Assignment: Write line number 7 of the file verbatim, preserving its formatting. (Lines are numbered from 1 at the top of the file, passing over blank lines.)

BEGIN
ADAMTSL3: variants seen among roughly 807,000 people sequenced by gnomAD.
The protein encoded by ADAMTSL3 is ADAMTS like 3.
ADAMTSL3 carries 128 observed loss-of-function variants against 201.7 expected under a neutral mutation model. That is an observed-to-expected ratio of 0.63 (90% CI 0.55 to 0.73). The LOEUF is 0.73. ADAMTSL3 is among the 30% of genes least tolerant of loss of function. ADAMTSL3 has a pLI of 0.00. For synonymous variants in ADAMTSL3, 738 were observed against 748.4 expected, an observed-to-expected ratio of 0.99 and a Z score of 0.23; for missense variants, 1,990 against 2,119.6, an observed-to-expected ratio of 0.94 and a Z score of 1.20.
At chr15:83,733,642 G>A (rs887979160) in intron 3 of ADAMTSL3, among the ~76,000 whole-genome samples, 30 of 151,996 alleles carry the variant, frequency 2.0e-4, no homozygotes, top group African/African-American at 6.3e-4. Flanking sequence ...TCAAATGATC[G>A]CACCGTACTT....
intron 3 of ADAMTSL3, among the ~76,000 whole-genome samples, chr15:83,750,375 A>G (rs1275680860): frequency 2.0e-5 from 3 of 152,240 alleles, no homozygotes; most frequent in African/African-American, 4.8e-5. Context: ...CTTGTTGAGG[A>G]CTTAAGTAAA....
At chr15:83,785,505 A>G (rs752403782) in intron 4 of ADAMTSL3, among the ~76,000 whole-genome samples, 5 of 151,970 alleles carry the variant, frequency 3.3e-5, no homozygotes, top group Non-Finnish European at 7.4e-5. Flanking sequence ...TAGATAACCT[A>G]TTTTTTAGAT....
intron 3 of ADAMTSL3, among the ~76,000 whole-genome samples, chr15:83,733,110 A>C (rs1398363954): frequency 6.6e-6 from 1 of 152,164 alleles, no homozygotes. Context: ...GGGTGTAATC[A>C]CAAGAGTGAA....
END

intron 3 of ADAMTSL3, among the ~76,000 whole-genome samples, chr15:83,733,110 A>C (rs1398363954): frequency 6.6e-6 from 1 of 152,164 alleles, no homozygotes. Context: ...GGGTGTAATC[A>C]CAAGAGTGAA....